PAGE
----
People can “know” your reputation without really knowing you. Character traits like integrity, courage, honesty, loyalty, and perseverance can only be seen by those who truly want to know you. 

Even people of good character can have a less than stellar reputation because other people’s opinions of you and their biases for you and against you can shape your reputation. That’s how reputations become a mirage, they are often made of opinions. Character is based upon actions.

So which are you more concerned with…your reputation or your character? Focus on the long term by focusing on your character. Your character will eventually build a solid reputation made from facts, not opinions. 

Look and Listen

One of the primary responsibilities of leadership is to coach the people you lead. We coach to reinforce positive behavior, we coach to motivate, and sometimes we must coach for corrective action. 

Most often that coaching is in the form of talking. We advise, we suggest, and hopefully not very often, we tell. 

So here’s two pieces of advice for the next time you find yourself in a coaching situation.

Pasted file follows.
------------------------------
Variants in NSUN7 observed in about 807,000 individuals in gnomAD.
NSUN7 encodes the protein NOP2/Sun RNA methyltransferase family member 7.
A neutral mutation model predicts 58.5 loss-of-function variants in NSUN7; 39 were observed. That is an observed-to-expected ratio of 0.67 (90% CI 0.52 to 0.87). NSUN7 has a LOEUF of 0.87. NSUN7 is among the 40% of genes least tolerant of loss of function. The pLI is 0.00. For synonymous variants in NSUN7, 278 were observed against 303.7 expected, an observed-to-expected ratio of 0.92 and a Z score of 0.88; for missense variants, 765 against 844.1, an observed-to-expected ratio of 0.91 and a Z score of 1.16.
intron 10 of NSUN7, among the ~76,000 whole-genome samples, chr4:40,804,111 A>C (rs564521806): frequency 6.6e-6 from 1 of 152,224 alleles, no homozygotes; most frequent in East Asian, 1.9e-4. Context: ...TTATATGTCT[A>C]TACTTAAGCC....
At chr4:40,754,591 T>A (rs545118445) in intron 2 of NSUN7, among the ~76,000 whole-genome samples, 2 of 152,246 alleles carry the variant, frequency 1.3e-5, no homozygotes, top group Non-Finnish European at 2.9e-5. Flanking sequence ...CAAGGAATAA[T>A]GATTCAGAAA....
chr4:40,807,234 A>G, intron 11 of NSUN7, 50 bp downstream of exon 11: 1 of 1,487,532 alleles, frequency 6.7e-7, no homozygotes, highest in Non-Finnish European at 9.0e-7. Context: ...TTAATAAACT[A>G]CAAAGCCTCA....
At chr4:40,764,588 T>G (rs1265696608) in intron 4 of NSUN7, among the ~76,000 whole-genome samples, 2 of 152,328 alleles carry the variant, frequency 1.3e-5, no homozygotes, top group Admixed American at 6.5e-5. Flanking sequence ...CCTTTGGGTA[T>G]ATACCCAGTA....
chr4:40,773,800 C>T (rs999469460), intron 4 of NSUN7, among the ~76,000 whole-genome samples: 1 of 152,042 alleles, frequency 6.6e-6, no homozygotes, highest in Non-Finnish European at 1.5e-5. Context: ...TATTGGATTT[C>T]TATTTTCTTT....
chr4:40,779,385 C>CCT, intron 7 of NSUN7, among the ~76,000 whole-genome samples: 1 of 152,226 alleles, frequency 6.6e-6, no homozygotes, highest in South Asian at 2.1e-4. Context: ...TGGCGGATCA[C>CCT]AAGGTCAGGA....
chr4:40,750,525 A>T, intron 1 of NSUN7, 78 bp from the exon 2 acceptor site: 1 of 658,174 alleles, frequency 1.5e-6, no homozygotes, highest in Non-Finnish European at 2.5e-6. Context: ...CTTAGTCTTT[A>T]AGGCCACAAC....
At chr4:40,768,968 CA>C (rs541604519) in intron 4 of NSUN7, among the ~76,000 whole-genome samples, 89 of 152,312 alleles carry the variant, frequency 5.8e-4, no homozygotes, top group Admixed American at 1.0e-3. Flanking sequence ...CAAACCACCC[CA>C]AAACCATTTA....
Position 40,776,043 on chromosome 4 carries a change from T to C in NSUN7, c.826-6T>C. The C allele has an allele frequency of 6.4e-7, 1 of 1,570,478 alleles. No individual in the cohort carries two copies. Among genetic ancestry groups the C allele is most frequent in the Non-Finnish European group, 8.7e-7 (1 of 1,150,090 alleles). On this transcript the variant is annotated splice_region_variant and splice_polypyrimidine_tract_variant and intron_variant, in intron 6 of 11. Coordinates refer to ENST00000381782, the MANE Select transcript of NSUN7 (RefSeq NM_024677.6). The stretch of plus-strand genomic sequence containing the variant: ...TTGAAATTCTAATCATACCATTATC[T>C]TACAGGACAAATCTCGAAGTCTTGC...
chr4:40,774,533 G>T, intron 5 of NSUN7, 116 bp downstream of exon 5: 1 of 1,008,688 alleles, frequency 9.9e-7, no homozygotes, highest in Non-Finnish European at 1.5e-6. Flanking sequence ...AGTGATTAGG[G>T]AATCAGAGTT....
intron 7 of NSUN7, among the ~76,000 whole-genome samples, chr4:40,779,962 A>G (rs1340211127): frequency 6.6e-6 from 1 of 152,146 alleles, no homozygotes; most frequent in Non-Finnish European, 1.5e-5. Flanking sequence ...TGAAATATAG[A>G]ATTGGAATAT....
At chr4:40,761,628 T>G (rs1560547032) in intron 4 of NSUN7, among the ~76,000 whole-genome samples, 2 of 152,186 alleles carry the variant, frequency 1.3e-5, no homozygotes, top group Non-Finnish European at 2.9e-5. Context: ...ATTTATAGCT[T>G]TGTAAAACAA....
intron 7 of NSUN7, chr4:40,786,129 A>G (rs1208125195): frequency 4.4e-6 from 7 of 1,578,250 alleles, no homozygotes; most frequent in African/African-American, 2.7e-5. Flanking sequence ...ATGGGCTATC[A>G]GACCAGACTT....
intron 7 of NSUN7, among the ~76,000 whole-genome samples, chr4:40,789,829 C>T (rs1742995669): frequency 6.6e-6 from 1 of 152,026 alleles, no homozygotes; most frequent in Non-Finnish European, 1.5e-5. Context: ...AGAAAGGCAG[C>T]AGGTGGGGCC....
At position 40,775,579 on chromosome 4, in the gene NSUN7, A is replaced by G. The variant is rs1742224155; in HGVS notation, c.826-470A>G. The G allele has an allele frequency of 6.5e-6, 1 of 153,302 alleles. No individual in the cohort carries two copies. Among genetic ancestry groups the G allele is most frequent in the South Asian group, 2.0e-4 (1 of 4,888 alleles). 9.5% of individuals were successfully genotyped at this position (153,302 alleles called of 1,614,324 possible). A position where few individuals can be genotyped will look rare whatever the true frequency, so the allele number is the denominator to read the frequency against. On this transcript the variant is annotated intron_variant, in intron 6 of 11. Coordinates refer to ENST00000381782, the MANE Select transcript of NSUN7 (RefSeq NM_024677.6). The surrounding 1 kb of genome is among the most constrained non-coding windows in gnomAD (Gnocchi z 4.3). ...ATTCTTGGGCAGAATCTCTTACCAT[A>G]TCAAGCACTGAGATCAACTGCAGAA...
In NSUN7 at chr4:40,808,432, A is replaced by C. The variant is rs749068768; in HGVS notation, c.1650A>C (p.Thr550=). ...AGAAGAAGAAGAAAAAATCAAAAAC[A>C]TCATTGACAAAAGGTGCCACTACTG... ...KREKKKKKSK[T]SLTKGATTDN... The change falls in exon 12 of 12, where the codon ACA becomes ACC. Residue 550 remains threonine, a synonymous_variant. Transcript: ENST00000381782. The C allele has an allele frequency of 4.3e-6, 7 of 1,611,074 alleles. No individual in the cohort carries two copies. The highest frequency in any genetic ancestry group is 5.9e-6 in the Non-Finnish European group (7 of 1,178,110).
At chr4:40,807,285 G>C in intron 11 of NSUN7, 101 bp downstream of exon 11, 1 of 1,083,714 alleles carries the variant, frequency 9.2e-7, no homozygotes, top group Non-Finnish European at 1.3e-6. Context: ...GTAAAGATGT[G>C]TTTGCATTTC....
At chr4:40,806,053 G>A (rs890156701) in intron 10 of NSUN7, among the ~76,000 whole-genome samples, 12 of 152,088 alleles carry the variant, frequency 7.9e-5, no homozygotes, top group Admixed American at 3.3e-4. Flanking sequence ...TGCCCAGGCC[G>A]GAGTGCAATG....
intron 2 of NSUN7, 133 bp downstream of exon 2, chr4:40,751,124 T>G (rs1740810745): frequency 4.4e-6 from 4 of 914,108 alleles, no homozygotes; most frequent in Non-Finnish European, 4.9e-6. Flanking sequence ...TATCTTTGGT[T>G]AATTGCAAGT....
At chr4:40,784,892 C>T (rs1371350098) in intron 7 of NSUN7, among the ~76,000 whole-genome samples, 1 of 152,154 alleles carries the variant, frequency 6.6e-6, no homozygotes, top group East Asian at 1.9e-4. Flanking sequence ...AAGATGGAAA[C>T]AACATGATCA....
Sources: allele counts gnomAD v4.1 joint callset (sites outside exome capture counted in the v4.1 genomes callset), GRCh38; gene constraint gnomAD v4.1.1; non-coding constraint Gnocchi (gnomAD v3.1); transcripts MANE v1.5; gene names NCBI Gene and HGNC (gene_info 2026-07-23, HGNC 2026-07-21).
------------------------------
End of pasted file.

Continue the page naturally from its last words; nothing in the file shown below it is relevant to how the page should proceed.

First listen to what you’re saying. I’m serious about that…really listen. In fact, record the conversation and when you play it back listen to what YOU said. Listen to the tone of your voice. Were you speaking in positives and possibilities or were you speaking in negatives and consequences? 

Were you specific in why you’re coaching or did you leave the person you were coaching wondering what the conversation was really about. If you were coaching for corrective action were you very very specific in what needs to change and when? Were you crystal clear in how that change would be measured? Did you leave doubt about your expectations? Any doubt leaves a gray area. Coaching for corrective action requires that you “paint” your expectations in black and white as much as possible.

It’s important to know that when you allow gray areas while coaching for corrective action you give people a place to hide from responsibility. Shades of gray make for a mighty comfortable place to hide from change as well. 

More important than listening to yourself is looking at yourself. As a leader your people will do what you DO far faster than they will do what you SAY. If you’re coaching them towards a better attitude and your attitude sucks then all the words in the world aren’t going to change their attitude. 

As their leader YOU are their model for successful behavior. Whether you realize it or not, YOU are leading by example. If your words do not match your actions then your people will have to make a choice.

Do they do what you say or do they do what you do? They may not believe what they hear but they almost always will believe what they see.